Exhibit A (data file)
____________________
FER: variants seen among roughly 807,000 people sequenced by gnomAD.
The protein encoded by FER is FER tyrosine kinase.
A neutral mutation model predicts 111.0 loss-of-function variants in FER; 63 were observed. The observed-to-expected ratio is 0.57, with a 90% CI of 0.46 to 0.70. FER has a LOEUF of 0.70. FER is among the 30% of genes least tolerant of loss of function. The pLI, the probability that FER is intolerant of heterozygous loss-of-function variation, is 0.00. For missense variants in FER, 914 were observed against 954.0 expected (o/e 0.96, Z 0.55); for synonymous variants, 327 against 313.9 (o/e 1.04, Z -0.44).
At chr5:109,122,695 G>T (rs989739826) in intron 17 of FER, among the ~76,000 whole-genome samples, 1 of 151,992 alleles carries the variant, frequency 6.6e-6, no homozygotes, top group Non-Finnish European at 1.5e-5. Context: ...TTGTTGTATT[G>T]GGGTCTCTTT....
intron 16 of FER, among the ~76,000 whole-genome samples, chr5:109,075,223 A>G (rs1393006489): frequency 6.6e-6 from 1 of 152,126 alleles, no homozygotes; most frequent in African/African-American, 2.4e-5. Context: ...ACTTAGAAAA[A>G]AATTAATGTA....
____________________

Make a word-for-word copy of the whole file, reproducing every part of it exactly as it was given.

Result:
FER: variants seen among roughly 807,000 people sequenced by gnomAD.
The protein encoded by FER is FER tyrosine kinase.
A neutral mutation model predicts 111.0 loss-of-function variants in FER; 63 were observed. The observed-to-expected ratio is 0.57, with a 90% CI of 0.46 to 0.70. FER has a LOEUF of 0.70. FER is among the 30% of genes least tolerant of loss of function. The pLI, the probability that FER is intolerant of heterozygous loss-of-function variation, is 0.00. For missense variants in FER, 914 were observed against 954.0 expected (o/e 0.96, Z 0.55); for synonymous variants, 327 against 313.9 (o/e 1.04, Z -0.44).
At chr5:109,122,695 G>T (rs989739826) in intron 17 of FER, among the ~76,000 whole-genome samples, 1 of 151,992 alleles carries the variant, frequency 6.6e-6, no homozygotes, top group Non-Finnish European at 1.5e-5. Context: ...TTGTTGTATT[G>T]GGGTCTCTTT....
intron 16 of FER, among the ~76,000 whole-genome samples, chr5:109,075,223 A>G (rs1393006489): frequency 6.6e-6 from 1 of 152,126 alleles, no homozygotes; most frequent in African/African-American, 2.4e-5. Context: ...ACTTAGAAAA[A>G]AATTAATGTA....